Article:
French Vote Sends Traders Flocking to Swiss Stock-Market Haven

  • Strong economy and weaker franc help boost confidence
  • SMI members trade around five-year mean versus Euro Stoxx 50

Citi Strategist Sees Global Markets Focused on France

Swiss stocks are once again becoming investor favorites.

With elections in neighboring France stoking concern over an end to the current market calm, traders are seeking the refuge of the defensive-heavy Swiss Market Index. With a 4 percent advance, the gauge has become this year’s best performer among major European equity measures. At the same time, the cost of hedging against stock swings has dropped from a high, reaching in February its lowest level since October relative to protection prices on the Euro Stoxx 50 Index.

“Investors are testing again Switzerland’s reputation as first port of call in a flight to quality,” said Alex Neil, head of equity and derivatives trading at EFG Bank in Geneva. “There’s a perfect storm of perceived political risks just around the corner, and Switzerland has an increasingly robust economic and currency backdrop.”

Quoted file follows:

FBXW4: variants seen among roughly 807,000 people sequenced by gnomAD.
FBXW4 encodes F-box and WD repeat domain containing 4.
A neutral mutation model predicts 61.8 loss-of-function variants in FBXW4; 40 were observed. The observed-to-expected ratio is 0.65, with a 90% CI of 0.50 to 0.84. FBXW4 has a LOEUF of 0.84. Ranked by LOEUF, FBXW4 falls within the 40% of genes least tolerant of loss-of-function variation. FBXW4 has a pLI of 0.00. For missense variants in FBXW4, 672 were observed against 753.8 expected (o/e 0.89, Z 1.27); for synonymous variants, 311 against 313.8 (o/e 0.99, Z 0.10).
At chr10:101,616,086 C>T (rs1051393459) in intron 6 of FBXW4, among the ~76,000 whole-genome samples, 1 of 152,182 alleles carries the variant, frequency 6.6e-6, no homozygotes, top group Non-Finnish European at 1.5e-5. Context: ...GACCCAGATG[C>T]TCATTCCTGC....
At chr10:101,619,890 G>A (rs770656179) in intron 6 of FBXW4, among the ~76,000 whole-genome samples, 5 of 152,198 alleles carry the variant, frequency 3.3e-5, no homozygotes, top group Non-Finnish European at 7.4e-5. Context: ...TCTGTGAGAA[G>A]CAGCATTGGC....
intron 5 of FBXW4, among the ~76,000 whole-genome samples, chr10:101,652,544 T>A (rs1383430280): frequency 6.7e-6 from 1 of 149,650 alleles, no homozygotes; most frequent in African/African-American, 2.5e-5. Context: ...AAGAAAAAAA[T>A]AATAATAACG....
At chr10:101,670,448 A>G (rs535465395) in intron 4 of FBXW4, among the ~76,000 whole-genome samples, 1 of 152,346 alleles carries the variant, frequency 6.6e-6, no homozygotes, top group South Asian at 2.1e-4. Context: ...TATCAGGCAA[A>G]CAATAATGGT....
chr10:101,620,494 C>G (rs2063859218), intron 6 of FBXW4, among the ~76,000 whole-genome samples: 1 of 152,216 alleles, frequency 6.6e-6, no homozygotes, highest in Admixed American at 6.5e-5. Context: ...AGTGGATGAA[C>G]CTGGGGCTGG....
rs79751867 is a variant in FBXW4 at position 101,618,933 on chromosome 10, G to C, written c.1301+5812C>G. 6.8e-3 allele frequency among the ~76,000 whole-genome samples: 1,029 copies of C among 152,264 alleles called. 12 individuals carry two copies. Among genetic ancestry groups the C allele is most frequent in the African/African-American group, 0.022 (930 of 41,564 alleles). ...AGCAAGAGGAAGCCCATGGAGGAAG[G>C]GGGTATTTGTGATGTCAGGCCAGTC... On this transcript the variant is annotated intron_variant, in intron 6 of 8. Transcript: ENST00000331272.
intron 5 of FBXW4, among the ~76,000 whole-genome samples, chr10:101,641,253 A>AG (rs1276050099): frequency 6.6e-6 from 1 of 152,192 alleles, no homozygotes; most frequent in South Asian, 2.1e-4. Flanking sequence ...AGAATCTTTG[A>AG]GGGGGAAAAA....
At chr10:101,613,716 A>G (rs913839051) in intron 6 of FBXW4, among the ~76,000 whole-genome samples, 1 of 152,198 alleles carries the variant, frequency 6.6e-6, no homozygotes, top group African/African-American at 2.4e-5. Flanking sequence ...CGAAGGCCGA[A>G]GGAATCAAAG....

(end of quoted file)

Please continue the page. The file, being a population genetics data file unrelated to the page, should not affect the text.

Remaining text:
Switzerland’s economy is expected to expand at a faster pace in 2017, while growth in the euro zone is forecast to slow down. At the same time, a weaker franc has boosted the appeal of the nation’s shares. Those reasons, in addition to the French vote, have led to increased confidence in the country’s stock market, pushing bets for SMI swings in the next two months about 24 percent lower than for the Euro Stoxx 50.

Swiss stocks saw a similar revival in the aftermath of the British vote to exit the European Union, with investors sending their valuations to the highest since 2013 relative to regional equities. The optimism didn’t last, and the SMI underperformed the Euro Stoxx 50 for a second year. Now, companies in the SMI trade at 16.9 times estimated earnings, in line with their five-year average relative to those on the Euro Stoxx 50.

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